McLaren Senna breaks cover in SA
British automaker’s track-focused supercar scorches to 300km/h in under 19 seconds
The first two South African-owned McLaren Sennas have arrived on local soil and were unveiled at Daytona’s soon-to-be-completed new showroom at Melrose Arch last week.
Only eight Sennas are coming to SA — two of them being the track-only GTR iteration of which only 75 are being built around the world.
“The Senna is the ultimate track car that’s still (just) road legal, and that’s why we named it after the greatest Formula One (F1) driver of them all,” said Jolyon Nash, McLaren’s executive director of global sales and marketing, who attended the SA launch.
The Senna has been developed with the single-minded purpose of being the ultimate McLaren track-concentrated car for the road: legalised for road use, but not sanitised to suit it.
The car is named in honour of late Brazilian driver Ayrton Senna, who won all three of his F1 driver’s championships and 35 Grands Prix between 1988 and 1993 with the McLaren team.
The two-seater supercar is the most extreme road car McLaren has built and the latest model in the McLaren Ultimate Series, with an aggressive appearance epitomising McLaren’s “form follows function” design philosophy.
The mid-engined coupe is largely based on the McLaren 720S, but powered by a tweaked version of the 4.0l twin-turbo V8 boosted to produce 588kW of power and 800Nm of torque, feeding the rear wheels via a seven-speed dual-clutch transmission.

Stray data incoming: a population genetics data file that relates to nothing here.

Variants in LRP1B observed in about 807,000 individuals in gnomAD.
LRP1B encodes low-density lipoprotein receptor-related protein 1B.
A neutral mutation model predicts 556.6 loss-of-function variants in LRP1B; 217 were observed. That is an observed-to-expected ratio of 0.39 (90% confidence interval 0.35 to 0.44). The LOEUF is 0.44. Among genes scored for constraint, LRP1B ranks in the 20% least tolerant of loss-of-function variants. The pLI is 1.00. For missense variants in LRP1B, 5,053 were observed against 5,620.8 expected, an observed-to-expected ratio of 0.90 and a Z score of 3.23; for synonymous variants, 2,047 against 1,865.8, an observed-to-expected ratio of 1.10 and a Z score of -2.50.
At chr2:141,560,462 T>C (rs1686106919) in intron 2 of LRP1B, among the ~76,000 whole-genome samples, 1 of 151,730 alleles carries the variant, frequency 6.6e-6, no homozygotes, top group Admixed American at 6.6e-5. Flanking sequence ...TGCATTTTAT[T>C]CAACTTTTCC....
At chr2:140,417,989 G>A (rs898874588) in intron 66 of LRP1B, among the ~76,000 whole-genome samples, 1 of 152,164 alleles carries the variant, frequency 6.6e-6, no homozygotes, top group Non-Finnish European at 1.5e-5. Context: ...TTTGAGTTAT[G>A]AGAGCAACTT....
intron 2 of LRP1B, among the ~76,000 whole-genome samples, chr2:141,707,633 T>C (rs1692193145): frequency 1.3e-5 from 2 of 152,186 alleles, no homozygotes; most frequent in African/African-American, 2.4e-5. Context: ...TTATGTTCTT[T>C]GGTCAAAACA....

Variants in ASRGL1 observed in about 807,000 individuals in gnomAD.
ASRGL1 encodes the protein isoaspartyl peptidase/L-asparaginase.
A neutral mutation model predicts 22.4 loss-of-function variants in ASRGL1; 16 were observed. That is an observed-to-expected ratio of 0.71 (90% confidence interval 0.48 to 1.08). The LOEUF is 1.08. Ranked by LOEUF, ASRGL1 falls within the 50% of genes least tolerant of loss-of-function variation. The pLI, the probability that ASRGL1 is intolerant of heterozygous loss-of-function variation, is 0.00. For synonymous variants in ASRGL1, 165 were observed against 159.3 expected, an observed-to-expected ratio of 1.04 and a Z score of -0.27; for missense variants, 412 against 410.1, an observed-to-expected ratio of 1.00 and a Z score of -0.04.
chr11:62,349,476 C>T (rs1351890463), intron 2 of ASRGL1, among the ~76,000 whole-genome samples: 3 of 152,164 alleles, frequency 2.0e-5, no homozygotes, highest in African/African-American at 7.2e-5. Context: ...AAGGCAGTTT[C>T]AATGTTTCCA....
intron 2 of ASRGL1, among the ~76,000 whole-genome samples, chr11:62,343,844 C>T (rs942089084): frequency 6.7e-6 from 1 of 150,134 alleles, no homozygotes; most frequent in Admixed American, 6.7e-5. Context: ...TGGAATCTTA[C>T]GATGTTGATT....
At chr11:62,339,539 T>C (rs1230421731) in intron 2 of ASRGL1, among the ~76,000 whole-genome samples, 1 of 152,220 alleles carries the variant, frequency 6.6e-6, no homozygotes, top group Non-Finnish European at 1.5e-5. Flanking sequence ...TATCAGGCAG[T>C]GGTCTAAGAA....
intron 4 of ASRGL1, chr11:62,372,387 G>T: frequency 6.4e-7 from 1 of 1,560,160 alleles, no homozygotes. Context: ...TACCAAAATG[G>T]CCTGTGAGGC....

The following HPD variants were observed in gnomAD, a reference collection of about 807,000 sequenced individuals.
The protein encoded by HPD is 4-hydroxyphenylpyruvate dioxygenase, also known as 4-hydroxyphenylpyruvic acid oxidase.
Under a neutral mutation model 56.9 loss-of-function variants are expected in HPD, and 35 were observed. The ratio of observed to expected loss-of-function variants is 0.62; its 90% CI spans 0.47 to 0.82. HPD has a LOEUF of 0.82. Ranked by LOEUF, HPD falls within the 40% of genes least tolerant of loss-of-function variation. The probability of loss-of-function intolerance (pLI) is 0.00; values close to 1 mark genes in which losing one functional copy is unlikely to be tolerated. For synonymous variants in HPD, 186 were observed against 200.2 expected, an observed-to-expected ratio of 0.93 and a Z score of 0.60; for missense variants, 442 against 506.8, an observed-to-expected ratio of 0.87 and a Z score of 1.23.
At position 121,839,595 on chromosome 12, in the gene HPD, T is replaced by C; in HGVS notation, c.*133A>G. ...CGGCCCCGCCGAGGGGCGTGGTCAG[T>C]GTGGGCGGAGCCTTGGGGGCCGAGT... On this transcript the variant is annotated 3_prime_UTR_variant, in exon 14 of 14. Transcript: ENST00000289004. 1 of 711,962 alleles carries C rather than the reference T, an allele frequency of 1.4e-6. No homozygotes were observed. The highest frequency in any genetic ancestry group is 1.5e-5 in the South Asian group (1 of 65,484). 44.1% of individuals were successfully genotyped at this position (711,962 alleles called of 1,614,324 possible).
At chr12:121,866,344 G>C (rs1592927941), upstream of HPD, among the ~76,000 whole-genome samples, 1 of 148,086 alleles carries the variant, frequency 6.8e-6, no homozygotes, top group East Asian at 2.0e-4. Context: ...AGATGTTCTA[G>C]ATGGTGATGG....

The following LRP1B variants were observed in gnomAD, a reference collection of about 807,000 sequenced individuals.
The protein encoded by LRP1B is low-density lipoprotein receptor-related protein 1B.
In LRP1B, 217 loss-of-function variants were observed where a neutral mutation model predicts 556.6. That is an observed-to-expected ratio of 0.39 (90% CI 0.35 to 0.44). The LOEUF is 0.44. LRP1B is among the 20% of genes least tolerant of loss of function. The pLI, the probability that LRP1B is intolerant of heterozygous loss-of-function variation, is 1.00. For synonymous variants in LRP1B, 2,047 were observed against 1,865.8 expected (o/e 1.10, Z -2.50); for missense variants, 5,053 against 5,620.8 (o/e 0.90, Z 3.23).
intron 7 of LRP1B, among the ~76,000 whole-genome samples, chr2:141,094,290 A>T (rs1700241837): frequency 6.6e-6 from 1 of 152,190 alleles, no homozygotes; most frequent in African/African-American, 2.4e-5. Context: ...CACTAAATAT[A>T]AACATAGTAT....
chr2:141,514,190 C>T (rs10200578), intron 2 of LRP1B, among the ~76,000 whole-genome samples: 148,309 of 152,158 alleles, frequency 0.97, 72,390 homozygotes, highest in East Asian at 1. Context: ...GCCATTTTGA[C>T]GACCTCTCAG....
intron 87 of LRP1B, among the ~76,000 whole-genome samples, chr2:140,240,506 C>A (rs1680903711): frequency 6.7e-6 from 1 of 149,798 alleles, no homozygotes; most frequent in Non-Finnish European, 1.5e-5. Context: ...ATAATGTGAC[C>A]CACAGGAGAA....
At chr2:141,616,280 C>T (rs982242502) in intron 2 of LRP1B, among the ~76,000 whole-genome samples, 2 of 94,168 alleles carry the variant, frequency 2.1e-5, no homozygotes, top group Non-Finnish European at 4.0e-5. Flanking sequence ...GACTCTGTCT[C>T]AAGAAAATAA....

Along with its claimed 340km/h top speed, the Senna can achieve the 0-100km/h sprint in 2.8 seconds and, perhaps even more remarkably, reach 300km/h in just 18.8 seconds.
McLaren’s main focus was to achieve faster lap times, and the Senna utilises a lightweight design along with extreme aerodynamic elements and RaceActive Chassis Control II for improved downforce. A carbon-fibre monocage chassis and carbon body panels are integral in making the McLaren Senna the lightest road car McLaren has built since the iconic F1, at 1,198kg.
The aero tweaks include a large adjustable double-element rear wing that’s operated electronically and also acts as an airbrake, a double-element diffuser, an F1-inspired roof scoop, front and side air intakes, and rear air louvres. With its active front and rear aerodynamics, the car generates up to 800kg of downforce.
The innovative new RaceActive Chassis Control II hydraulic suspension system works in harmony with the active aerodynamics, with a Race mode that increases roll stiffness and reduces ride height to lower the centre of gravity.
The interior consists largely of exposed carbon fibre and Alcantara. Behind the two seats is room large enough for two helmets and race suits, reflecting the car's track-focused design.
“The McLaren Senna has an uncompromised performance focus, honed to ensure the purest possible connection between driver and machine and deliver the ultimate track driving experience,” said Mike Flewitt, McLaren Automotive’s CEO.
Production of the £750,000 (R13.5m) Senna is limited to 500 units, all to be hand assembled at the McLaren Production Centre from Q3 2018 — and all have already been allocated to customers.